Algerians, like many others throughout north Africa and the Middle East, coalesced in protest of higher prices, massive unemployment and the general lack of economic progress. But with memories of Algeria’s brutal, decade-long civil war of the 1990s still fresh, it was enough for Bouteflika (pictured above) to agree to end the 19-year period of ‘emergency rule,’ lift some of his government’s more oppressive measures against political expression and introduce subsidies to lower the price of food and other necessities.

Besides, most Algerians thought, he would be too old at age 77 to run for a fourth term. Nonetheless, despite a campaign to convince Algerian voters to boycott tomorrow’s vote, Bouteflika will theoretically extend his rule through 2019.

But Bouteflika’s reelection campaign says less about Bouteflika than it does about the power struggle bubbling beneath the surface. Frail and unable to walk, Bouteflika suffered a stroke last year and spent four months receiving medical treatment in Paris. No one thinks he’ll last another five years. At a recent meeting with US secretary of state John Kerry, he could barely stand up or and he seemed unable to speak clearly.

So why not groom a successor and let Bouteflika slip into a comfortable retirement? Continue reading

Nigeria emerges as Africa’s largest economy

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Earlier this month, Nigeria ‘recalibrated’ the way it calculates its gross domestic product to more effectively capture the real value of its economy.nigeria_flag_icon

It’s a step that many countries in sub-Saharan Africa are taking — including Ghana in 2010 and Kenya this year — as they refine the tools they use to measure GDP growth. Nigeria, for example, hadn’t recalculated its base since 1990. Perplexingly, e-commerce, telecommunications and the country’s growing film industry (‘Nollywood’) hadn’t previously been captured.

Not surprisingly, the recalibration caused Nigeria’s official GDP to leap by nearly 75% to around $510 billion, making it Africa’s largest economy. That shouldn’t come a surprise to anyone, in light of predictions that Nigeria would overtake South Africa sometime by the end of the decade. Nigeria is the epitome of the newly emerging Africa. Lagos, its sprawling port, is now Africa’s largest city, recently surpassing Cairo. Its population, already Africa’s largest at 173.6 million, could surpass the US population within the next three decades or so.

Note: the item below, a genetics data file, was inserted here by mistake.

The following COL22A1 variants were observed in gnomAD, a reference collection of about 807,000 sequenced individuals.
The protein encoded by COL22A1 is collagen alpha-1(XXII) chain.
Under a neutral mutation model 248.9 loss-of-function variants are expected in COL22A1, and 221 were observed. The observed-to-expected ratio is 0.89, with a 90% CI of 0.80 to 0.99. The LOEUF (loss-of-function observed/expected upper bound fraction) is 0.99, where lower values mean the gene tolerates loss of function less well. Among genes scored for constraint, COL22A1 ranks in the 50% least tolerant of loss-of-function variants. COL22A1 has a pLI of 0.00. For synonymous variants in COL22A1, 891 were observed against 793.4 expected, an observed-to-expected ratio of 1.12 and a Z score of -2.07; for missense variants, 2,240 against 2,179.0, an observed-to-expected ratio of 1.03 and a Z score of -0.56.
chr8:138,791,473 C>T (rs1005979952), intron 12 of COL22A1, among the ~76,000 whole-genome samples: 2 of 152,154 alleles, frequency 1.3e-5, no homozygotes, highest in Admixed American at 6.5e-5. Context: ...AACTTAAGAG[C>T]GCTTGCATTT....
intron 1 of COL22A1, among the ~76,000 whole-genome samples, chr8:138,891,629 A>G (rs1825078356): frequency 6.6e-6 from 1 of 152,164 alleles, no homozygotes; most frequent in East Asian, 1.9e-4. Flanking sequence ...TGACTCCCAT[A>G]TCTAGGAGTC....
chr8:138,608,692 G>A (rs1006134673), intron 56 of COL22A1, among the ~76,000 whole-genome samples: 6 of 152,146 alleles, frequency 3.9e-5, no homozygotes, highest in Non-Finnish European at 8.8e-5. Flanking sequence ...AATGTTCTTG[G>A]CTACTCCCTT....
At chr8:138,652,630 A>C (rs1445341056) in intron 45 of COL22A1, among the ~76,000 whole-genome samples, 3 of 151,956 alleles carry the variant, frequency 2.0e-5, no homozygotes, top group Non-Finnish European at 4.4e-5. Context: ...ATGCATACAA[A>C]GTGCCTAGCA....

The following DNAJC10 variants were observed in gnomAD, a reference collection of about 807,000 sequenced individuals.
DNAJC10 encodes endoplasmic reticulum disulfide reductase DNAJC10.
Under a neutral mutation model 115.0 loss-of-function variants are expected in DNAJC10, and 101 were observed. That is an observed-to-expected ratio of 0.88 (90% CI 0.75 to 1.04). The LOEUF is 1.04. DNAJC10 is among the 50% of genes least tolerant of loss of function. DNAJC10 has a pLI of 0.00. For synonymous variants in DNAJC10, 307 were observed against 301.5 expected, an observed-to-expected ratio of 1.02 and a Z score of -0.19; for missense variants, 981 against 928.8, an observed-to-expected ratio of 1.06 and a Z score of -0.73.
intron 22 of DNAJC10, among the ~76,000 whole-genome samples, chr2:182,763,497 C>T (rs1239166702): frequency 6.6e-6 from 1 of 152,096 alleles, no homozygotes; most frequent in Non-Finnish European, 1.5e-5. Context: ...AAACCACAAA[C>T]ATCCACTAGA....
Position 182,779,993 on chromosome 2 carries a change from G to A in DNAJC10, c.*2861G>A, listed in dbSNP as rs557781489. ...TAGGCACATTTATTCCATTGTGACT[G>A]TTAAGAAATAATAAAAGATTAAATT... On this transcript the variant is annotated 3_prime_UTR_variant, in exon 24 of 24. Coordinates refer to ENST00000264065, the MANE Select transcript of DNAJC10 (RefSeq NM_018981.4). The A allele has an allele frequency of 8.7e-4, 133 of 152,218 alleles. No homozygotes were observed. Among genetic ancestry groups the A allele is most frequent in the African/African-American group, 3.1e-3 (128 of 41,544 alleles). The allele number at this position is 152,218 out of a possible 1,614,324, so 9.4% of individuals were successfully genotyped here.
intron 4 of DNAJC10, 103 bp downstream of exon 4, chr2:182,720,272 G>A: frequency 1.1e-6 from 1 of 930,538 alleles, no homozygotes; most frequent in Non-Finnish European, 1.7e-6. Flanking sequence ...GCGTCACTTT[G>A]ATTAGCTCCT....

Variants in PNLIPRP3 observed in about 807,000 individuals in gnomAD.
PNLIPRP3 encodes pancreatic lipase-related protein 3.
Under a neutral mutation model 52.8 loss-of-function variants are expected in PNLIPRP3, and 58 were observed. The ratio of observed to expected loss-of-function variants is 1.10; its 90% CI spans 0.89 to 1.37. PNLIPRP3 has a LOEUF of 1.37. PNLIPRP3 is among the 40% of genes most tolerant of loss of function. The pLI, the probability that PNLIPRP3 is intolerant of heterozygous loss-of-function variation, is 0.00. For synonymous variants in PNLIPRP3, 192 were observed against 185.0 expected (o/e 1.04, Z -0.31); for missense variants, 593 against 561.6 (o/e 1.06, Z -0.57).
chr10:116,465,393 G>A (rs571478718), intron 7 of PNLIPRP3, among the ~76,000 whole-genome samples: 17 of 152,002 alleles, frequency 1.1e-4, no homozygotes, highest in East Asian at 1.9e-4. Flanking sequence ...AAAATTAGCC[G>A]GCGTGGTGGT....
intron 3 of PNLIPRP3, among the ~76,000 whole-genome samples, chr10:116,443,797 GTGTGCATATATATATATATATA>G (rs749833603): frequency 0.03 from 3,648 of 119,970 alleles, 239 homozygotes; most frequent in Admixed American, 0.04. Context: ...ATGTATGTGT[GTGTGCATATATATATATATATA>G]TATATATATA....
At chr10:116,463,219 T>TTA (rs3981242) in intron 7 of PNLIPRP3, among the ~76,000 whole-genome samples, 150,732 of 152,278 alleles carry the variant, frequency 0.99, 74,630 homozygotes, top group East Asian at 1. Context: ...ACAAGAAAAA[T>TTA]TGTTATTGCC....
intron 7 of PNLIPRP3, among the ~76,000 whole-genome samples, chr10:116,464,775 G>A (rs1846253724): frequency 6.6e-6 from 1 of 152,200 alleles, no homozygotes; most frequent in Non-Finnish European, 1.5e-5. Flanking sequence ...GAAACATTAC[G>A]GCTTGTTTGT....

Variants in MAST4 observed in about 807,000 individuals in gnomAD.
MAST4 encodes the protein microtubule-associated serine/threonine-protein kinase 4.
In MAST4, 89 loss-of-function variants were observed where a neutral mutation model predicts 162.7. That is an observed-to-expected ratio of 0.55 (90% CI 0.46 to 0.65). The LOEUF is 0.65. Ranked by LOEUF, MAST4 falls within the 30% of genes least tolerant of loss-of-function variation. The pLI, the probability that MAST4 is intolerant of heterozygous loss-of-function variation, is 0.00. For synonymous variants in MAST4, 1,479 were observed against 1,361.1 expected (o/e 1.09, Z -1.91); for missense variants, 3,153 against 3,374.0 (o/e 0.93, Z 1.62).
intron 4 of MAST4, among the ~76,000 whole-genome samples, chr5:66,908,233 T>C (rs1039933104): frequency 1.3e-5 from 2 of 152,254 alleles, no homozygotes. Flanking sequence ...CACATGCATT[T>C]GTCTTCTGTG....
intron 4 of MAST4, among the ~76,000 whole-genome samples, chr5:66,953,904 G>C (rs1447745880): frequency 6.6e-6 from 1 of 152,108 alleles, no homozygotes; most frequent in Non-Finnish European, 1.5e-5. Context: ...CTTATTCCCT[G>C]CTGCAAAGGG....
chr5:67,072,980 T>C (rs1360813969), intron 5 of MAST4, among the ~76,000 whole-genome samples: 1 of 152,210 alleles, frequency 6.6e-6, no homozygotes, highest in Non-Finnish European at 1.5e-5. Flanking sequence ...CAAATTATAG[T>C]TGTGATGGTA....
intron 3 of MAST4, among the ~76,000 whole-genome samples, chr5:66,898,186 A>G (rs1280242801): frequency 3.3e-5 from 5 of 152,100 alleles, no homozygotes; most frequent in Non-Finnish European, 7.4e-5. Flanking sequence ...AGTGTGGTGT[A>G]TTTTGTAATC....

But Nigeria’s newfound status is more the beginning of a journey than its terminus, a journey that will become especially pertinent to global affairs throughout the 21st century as Nigeria’s impact begins to rival that of China’s or India’s.

But today, Nigeria’s GDP per capita, even after the rebasing, is just around $3,000. That’s less than one-half the level of GDP per capita in South Africa, which is around $6,600. Though the stakes of Nigeria’s relative success or failure will become increasingly important to the rest of sub-Saharan Africa and to global emerging markets in the years ahead, there’s no guarantee that Nigeria, 54 years after its independence, won’t succumb to state failure.

Nigeria spent its first decade stuck in a tripartite ethnic struggle that ended in a devastating civil war, followed by bouts of military rule from which it emerged imperfectly in 1999. Lingering security challenges, like those posed by Boko Haram, a Muslim insurgency from Nigeria’s northeast, continue to expose the country’s ethnic tensions and the religious and socioeconomic gap between the relatively prosperous Christian south and the relatively underdeveloped Muslim north. Incipient political institutions plagued by a culture of corruption for decades, with less than fully formed democratic norms, could easily erase the stability gains made since the 1999 return to democracy. Although oil wealth has since the 1960s given Nigeria a financial means to solve its lengthy list of developmental, educational, and environmental problems, the mismanagement of oil revenues have so far transformed the wealth into a classic resources curse.

Existential challenges